Darcy Turenne: In grcommerciinge 7and my libreast supportrian inside my junior high school ststyleed jair conditioningks-girls mountain motor motorcycle club. That wlike in 1996and so it was still reasonsstomair conditioninghly fringe sport in the past. I’m from Vancouver Islandand it was just something that people did on the Island. I joined in order took my crsoftwarey little hardware store motor motorcycle out and ststyleed riding trails within pair weeks I was rair conditioninging in the locing cross-country rfluffets of which wconsidering thduring the end of it.

                                Turenne on the cover of Bike in 2009. Photo: Jordan ManleyBike: As a pro mountain motor cyclistand you were in front of the cmorningera a lot. How did you make the transition to currently past due the cmorningera?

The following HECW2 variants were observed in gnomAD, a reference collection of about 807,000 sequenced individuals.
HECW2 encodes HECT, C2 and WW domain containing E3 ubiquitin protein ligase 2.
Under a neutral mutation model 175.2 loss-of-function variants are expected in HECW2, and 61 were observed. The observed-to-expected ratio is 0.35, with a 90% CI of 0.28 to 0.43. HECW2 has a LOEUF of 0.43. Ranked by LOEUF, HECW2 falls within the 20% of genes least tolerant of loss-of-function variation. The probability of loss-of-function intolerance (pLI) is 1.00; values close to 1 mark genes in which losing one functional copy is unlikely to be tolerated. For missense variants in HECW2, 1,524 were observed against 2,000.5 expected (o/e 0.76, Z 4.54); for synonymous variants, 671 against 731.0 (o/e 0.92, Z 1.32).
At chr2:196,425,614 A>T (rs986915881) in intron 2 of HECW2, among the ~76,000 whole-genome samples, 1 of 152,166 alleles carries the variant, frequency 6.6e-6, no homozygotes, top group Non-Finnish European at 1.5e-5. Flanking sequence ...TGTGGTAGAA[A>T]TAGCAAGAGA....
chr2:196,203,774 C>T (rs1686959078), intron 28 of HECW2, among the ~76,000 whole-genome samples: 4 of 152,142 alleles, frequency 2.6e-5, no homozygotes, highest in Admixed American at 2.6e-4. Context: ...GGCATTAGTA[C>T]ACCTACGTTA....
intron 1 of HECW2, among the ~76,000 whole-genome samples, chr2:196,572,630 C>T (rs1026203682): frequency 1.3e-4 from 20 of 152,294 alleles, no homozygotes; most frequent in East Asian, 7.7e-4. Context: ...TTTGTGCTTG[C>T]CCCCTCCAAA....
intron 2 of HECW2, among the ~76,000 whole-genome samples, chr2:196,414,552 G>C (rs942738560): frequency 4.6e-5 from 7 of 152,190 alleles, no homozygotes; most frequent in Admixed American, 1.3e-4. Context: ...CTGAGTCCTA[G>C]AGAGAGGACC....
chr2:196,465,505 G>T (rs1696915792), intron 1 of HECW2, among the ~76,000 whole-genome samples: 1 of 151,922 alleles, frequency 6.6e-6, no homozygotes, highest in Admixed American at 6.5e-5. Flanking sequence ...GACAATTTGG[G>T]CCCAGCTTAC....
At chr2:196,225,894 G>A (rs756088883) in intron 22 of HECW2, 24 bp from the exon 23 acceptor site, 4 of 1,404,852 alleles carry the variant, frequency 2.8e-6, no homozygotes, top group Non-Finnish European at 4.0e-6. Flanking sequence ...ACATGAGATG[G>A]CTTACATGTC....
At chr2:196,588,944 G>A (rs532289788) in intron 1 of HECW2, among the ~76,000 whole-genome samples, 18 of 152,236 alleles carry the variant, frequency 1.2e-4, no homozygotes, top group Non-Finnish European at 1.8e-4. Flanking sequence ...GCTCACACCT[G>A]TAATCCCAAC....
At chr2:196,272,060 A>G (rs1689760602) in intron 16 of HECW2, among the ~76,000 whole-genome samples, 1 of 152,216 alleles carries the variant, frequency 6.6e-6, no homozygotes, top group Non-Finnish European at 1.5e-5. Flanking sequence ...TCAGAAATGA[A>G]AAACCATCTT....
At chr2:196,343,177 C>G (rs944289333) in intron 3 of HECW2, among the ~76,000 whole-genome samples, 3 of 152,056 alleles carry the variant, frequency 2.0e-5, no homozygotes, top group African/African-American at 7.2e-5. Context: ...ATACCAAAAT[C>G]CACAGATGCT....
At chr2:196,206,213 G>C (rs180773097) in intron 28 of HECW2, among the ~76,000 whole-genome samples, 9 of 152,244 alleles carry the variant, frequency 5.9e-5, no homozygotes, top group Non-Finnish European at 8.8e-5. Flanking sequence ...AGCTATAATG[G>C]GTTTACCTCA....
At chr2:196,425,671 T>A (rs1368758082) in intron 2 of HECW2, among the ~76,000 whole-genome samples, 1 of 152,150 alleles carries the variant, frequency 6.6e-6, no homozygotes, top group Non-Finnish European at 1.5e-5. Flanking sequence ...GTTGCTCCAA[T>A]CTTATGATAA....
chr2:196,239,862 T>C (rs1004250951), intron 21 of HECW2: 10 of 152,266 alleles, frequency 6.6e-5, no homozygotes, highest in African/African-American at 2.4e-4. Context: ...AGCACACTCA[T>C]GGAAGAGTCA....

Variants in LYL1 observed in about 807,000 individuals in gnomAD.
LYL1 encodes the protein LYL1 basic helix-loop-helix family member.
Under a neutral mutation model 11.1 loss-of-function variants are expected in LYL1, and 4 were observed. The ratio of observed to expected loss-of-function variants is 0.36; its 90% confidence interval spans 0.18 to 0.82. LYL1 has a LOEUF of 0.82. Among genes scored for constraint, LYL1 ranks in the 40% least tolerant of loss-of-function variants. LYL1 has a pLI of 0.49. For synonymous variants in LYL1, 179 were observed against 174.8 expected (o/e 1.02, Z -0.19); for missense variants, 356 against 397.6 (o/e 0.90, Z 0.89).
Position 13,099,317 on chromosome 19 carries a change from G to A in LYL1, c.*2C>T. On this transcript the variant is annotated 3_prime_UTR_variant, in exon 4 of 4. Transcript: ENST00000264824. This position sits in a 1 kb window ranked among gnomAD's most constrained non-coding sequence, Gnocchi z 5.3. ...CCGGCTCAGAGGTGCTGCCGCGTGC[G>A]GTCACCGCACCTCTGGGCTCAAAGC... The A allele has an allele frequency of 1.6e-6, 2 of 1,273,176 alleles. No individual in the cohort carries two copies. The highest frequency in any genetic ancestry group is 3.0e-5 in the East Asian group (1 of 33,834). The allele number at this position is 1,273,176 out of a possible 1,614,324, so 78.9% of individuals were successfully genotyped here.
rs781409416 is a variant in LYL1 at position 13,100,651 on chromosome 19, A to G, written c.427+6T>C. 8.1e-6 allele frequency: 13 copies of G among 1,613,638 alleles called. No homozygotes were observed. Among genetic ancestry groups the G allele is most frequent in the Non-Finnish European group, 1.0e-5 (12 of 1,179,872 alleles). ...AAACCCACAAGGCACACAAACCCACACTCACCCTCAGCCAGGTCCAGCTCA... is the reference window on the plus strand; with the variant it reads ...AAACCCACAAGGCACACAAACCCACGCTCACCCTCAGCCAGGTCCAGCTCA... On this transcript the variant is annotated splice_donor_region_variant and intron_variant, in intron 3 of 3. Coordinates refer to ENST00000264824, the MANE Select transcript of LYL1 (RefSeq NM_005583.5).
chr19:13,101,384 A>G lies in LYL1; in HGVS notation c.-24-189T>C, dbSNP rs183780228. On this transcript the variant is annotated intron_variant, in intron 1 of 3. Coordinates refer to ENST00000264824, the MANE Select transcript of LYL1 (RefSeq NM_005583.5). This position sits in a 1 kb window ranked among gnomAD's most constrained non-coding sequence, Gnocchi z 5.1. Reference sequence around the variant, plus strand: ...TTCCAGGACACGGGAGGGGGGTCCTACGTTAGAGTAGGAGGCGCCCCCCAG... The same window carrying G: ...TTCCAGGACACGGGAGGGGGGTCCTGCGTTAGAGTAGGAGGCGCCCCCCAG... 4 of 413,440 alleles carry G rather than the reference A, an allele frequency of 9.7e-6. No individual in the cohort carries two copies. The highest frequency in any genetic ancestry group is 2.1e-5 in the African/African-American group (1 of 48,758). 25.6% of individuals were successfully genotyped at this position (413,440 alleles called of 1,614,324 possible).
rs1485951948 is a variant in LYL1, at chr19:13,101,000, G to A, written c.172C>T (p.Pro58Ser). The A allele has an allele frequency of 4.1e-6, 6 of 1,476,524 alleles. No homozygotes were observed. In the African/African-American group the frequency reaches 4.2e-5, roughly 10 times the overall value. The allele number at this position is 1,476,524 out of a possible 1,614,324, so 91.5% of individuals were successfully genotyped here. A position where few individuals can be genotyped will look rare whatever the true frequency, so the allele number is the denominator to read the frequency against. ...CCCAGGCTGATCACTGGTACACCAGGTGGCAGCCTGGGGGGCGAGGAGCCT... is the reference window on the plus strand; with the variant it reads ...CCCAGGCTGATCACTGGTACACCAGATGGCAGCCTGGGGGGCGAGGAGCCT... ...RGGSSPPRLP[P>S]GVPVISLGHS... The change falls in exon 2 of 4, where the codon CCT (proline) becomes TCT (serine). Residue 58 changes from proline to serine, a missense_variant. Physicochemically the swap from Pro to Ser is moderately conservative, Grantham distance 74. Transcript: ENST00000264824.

DT: I got pretty terribly injured near the end of my careerand I hcommerciing to get a major rearfoot surgeryand so during thsometimes I went rrncluding ingso did a gurus degree. I did an undergrcommerciing in environmenting studies if I got injured I was like 'Oh I very much better do something with my life’ and therefore I went a did my masters in communicinesand not thinking that I wbetd to certainly be a film maker. But then I thought it would be genuinely fun to do my thesis as a documentary film. At thsometimes DSLR cmorningeras ststyleed shooting video and I got any kind of 7D andnt to Indonesia generating my thesis documentary. As soon as I ststyleed shooting I was hooked. It was so unexpectedand but after I grcommerciinguhcommerciingd I got some commerciing clients pretty quickly and I hcommerciing any kind of job. It was pretty convenient.